# A step in derivation of E-t uncertainty not clear

In summary, the discussion was about a step in John Baez's derivation of the Energy-time Uncertainty relation, where he uses the solution to the Schrödinger equation, U(t)=exp(-itH/ħ), to show that <[H,A]> is equal to i\hbar times the time derivative of <ψ, Aψ> at t=0. The confusion arose because the solution was mistakenly written as U(t)=[H,A], but it was clarified that they are not the same. Instead, U(t) can be used to calculate the time derivative of <A>, which follows classical solutions.
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I am not sure if I should be posting this under QM or under Linear Algebra, since it appears to be an algebraic step that I do not see, and am asking the wonderful people on this forum to spell it out for me. In John Baez's derivation of the Energy-time Uncertainty relation,
http://math.ucr.edu/home/baez/uncertainty.html
there is the following step, which first I will quote and then state my question:Selecting an observable A which does not commute with H,
"< [H,A] > = <ψ, [H,A] ψ>
is i$\hbar$ times the time derivative at t = 0 of <ψ, A ψ>, as you can see if you note that the solution to the Schrödinger equation can be written in the form
U(t) ψ = exp(-itH/$\hbar$) ψ
Thus
<[H, A]> = i$\hbar$ d<A>/dt"

If he is using the commutator [H,A] as the operator U(t), then I do not see how to get from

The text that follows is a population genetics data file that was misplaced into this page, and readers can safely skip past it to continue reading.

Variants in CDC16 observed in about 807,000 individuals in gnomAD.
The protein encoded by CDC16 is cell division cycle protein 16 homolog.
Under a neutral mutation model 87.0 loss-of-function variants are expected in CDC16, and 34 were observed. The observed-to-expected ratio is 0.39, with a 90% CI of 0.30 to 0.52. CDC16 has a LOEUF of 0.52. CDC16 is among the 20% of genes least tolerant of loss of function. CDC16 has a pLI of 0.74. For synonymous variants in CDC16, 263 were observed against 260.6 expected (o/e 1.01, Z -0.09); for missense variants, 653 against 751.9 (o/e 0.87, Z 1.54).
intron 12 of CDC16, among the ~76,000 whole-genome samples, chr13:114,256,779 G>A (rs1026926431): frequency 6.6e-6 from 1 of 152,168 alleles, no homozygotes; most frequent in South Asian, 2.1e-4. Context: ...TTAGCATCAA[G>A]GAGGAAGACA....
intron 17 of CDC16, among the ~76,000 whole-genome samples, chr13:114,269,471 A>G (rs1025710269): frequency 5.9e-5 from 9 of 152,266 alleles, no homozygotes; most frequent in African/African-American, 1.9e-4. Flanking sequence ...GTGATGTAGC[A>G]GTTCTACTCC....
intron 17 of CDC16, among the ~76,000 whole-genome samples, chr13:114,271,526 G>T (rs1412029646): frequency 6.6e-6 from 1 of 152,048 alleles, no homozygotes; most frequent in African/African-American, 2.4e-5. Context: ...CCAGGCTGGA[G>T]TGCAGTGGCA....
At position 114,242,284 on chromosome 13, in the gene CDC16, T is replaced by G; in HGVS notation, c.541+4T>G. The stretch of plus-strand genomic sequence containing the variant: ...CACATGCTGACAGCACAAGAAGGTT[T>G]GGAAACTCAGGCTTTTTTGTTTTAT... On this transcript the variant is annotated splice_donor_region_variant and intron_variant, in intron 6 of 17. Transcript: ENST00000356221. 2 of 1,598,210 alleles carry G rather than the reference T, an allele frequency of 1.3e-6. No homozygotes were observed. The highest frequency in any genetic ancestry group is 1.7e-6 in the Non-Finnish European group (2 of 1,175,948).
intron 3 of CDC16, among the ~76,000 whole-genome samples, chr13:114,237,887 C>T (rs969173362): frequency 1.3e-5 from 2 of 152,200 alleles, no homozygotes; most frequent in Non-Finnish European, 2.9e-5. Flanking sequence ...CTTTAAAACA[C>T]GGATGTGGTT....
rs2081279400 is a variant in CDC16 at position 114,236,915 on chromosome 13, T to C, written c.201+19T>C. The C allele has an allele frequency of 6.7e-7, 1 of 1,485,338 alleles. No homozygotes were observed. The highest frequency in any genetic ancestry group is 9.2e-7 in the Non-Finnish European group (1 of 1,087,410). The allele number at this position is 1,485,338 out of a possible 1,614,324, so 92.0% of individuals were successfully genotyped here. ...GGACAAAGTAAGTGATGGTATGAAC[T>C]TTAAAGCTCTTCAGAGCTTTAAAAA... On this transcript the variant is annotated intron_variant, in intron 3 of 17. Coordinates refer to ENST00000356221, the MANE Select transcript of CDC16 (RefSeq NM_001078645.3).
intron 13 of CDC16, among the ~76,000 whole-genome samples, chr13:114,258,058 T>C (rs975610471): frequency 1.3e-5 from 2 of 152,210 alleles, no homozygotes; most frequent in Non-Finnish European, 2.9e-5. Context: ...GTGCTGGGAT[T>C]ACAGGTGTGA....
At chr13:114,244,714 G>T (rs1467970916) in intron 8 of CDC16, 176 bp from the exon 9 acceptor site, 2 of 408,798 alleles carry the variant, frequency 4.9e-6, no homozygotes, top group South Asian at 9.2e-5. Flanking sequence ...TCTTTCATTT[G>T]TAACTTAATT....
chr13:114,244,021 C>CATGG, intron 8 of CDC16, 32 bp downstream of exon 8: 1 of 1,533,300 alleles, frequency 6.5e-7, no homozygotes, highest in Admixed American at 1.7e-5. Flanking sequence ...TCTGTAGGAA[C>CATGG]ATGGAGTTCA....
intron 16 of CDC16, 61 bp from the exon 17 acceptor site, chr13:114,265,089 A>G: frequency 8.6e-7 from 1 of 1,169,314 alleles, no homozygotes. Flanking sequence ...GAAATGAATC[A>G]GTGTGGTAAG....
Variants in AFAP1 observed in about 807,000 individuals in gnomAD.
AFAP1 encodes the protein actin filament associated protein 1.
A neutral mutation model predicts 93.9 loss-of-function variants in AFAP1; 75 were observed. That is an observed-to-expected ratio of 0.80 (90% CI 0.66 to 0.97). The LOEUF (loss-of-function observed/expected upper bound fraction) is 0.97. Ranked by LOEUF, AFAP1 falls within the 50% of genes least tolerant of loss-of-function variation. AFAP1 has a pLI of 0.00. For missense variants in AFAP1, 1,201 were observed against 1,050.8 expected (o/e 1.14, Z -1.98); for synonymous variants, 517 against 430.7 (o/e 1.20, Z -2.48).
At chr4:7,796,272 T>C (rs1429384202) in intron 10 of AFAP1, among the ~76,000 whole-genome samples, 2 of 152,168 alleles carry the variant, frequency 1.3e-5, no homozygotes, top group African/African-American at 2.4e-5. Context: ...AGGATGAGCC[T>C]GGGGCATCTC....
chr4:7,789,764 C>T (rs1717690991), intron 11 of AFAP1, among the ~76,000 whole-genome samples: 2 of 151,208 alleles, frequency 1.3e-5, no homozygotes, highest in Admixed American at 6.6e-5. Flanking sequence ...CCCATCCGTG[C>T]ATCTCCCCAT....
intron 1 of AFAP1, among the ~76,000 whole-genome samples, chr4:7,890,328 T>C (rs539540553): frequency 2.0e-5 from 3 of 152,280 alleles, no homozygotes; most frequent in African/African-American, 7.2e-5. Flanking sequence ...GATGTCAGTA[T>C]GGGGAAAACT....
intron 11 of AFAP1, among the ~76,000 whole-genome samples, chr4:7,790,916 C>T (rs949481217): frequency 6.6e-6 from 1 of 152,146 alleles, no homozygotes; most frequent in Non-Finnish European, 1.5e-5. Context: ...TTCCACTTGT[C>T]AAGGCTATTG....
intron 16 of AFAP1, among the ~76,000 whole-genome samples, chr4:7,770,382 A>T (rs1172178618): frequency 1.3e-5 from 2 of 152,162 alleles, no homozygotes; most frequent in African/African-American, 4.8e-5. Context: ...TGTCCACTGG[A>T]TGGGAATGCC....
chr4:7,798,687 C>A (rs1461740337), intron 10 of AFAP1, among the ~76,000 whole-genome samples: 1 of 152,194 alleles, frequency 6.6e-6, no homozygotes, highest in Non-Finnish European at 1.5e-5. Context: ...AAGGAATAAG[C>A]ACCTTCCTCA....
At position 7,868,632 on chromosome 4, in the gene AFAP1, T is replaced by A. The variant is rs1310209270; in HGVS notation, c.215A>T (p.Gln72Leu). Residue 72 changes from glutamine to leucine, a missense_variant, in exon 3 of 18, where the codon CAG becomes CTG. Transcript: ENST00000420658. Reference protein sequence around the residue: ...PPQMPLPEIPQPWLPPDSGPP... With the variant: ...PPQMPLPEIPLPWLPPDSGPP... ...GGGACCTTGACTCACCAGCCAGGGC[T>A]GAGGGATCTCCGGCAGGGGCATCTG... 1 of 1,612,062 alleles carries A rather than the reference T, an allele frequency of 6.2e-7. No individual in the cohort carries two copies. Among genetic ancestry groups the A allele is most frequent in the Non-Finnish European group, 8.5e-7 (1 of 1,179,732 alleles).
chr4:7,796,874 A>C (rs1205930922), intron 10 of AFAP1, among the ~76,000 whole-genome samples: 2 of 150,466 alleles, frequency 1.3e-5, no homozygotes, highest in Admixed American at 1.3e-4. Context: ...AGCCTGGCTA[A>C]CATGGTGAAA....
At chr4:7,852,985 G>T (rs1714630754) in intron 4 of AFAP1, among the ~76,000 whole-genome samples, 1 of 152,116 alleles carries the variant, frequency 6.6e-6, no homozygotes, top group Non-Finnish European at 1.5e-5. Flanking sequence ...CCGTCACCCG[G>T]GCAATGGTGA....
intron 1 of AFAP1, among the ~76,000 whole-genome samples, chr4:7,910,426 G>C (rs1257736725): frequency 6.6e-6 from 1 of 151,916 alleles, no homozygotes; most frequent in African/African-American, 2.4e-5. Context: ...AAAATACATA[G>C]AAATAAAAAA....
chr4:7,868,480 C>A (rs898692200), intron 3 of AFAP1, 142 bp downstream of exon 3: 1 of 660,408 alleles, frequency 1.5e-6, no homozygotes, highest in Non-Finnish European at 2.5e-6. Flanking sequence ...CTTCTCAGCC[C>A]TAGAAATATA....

<[H, A]> =<ψ, exp(-itH/$\hbar$) ψ>
to
i$\hbar$ d<A>/dt
(i.e., i$\hbar$ d<ψ, Aψ>/dt)
If he is not using the commutator as the operator, then I am lost even worse.

I would be very grateful for anyone showing me this step more explicitly. ("Derivation for Dummies")

why did you write [H,A]=U?

1 person
"< [H,A] > = <ψ, [H,A] ψ>
is i$\hbar$ times the time derivative at t = 0 of <ψ, A ψ>, as you can see if you note that the solution to the Schrödinger equation can be written in the form
U(t) ψ = exp(-itH/$\hbar$) ψ
Thus
<[H, A]> = i$\hbar$ d<A>/dt"
Yeah, I agree that this is confusing. You can compute d/dt <A> = d/dt <ψ|A|ψ> directly by using the product rule and applying the Schrödinger equation twice.

Instead of the Schrödinger equation, you can also use U(t). If you do, you will see what he wanted to tell you. But you may have a misconception regarding U(t). U(t) is not [H,A]. U(t) is exp(-itH/ħ).

1 person
First, a big thanks to both ChrisVer and kith. Oddly enough, ChrisVer's first reply no longer shows up. (Thankfully I copied it before it disappeared.)
kith's first paragraph sketches the straightforward way, and ChrisVer's disappeared reply spelled the calculation out. This way was very enlightening, and I understood it. In this derivation there was no reason, as far as I can see, to use the solution to the Schrödinger equation, but just to use the original form of the equation H |ψ> = i$\hbar$d|ψ>/dt.
However, kith wrote that another way (and apparently the way that John Baez meant) was in using the solution. (ChrisVer asked me why I wrote U = [H,A] -- the short answer, as kith pointed out, was that I made a mistake.) However, I am still puzzled how the solution could be used (except of course of working backwards to the original equation). If kith or anyone has the patience to spell that point out for me, it would be a great help.